• General purpose committees: these committees combine the functions of the legislation and references committees in the Senate into single investigatory committees covering broad subject areas. However, they do not undertake the scrutiny of Budget and additional estimates that is conducted by the Senate legislation committees.

Sometimes the term ‘investigatory committees’ is used to classify committees other than domestic committees. However, domestic committees can also undertake investigations.[30]

Joint committees are committees which comprise both senators and members and investigate matters that it is felt should be looked at by both Houses simultaneously. Joint committees may be statutory (established by an Act of Parliament), select, or standing.[31]

Conscience vote; Free vote

The term conscience vote (or free vote) is defined as ‘the rare vote in parliament, in which members are not obliged by the parties to follow a party line, but vote according to their own moral, political, religious or social beliefs’.[32]

The term ‘conscience vote’ is most commonly used in Australia to describe votes on moral and social issues such as abortion, euthanasia and capital punishment—serious issues affecting individual status, liberties or rights on which senators and members are not obliged to vote along party lines. In Australia the term may also include issues on which the parties do not always have a formal policy such as parliamentary procedure and parliamentary privilege. The term ‘free vote’ is more commonly used in other Westminster parliaments but has the same meaning.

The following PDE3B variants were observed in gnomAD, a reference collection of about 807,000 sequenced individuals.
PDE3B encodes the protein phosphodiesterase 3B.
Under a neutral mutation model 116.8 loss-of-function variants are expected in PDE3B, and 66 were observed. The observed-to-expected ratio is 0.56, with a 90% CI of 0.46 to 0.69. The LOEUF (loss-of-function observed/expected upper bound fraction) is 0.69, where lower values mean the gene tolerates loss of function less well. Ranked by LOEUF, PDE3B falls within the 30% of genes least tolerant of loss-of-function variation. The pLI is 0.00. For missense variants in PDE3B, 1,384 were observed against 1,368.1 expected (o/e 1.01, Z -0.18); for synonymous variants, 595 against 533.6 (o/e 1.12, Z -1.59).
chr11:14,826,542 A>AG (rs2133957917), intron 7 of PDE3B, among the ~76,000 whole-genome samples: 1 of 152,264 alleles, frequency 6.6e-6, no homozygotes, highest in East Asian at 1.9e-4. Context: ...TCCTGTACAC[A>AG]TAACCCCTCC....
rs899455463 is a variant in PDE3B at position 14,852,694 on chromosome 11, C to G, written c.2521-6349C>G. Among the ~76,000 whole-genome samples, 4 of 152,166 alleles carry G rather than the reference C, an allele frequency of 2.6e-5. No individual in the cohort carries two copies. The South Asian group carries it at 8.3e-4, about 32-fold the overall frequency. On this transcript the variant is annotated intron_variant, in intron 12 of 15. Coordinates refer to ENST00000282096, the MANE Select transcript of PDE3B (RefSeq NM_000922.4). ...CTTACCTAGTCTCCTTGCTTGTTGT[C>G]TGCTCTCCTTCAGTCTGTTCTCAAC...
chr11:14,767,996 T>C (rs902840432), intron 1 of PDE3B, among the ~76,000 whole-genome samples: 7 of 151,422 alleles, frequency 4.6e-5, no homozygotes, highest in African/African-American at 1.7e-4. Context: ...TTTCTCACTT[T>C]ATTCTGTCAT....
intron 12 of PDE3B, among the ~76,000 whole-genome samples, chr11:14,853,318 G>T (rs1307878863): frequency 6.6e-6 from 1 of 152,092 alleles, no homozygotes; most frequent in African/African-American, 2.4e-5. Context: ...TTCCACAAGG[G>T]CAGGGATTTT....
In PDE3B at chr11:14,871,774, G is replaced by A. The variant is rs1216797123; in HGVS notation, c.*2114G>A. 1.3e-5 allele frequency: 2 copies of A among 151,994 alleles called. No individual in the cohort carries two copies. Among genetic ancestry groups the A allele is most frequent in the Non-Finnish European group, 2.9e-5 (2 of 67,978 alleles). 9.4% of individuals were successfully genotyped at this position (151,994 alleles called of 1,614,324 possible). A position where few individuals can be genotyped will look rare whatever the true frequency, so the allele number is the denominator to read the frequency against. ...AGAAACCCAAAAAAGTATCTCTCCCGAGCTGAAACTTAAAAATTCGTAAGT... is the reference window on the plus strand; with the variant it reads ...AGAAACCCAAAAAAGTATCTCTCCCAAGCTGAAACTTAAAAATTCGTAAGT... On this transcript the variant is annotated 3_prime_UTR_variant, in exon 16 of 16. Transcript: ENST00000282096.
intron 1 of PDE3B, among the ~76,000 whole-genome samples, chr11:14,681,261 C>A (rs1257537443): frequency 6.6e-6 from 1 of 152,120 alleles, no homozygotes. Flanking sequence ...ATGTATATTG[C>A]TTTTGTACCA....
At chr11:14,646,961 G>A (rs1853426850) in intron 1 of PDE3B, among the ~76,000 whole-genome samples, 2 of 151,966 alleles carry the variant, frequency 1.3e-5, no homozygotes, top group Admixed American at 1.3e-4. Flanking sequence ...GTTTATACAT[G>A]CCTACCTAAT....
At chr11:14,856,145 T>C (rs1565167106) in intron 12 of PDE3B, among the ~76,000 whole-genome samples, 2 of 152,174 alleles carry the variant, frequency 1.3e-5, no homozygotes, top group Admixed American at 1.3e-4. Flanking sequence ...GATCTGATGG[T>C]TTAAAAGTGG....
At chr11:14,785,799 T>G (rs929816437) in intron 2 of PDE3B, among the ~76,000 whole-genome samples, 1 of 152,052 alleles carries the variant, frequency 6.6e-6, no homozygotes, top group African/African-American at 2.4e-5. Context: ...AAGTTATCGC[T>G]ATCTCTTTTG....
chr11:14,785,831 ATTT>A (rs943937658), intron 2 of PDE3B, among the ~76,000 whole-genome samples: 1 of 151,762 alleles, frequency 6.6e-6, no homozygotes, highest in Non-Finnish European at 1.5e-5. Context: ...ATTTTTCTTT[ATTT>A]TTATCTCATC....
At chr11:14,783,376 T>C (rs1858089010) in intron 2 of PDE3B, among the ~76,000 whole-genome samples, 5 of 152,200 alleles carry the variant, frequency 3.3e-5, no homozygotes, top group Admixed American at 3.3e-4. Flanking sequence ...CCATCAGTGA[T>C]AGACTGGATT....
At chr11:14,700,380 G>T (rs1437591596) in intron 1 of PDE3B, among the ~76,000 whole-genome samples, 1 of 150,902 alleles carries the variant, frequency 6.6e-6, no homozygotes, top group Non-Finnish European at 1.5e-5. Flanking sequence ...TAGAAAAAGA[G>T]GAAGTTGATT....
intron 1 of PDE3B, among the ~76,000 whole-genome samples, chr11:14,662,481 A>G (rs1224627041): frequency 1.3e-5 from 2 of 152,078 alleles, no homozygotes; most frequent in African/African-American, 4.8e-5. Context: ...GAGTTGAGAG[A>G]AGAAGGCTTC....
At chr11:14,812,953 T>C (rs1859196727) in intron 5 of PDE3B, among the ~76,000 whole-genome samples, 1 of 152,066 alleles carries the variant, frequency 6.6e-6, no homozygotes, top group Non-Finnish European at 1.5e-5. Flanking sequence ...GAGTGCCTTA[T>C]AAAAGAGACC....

In Australian state and federal parliaments the decision to allow a conscience vote is a political one, usually made by the party leader, and is not a subject on which the Speaker can be asked to rule.[33] A conscience vote can apply to one party, more than one party, or all parties represented in the parliament. One recent example of a conscience vote is the voting on the Marriage Amendment (Definition and Religious Freedoms) Bill 2017 in the Senate in November 2017 and in the House of Representatives in December 2017.[34]

Crossing the floor; Abstaining

Crossing the floor is defined as an action where a government or opposition member of parliament refuses to vote with his or her own party in a particular division and intentionally crosses the floor of the parliamentary chamber to vote with the other side. It is a political act and, other than the fact of the vote being on either the ‘yes’ or ‘no’ side, is not recorded in official parliamentary documents.

An MP may also be considered to have crossed the floor where, although a division was not required, he or she requested that their name be recorded as voting for or against a motion and, in doing so, revealed that this was contrary to the manner in which their party had voted.[35]

There have been instances where an MP has voted with the other side unintentionally.[36] This should not be considered an instance of floor crossing because it was not the intention of the MP to do so. Abstention from voting is not considered to be crossing the floor either because no vote is cast with the other side.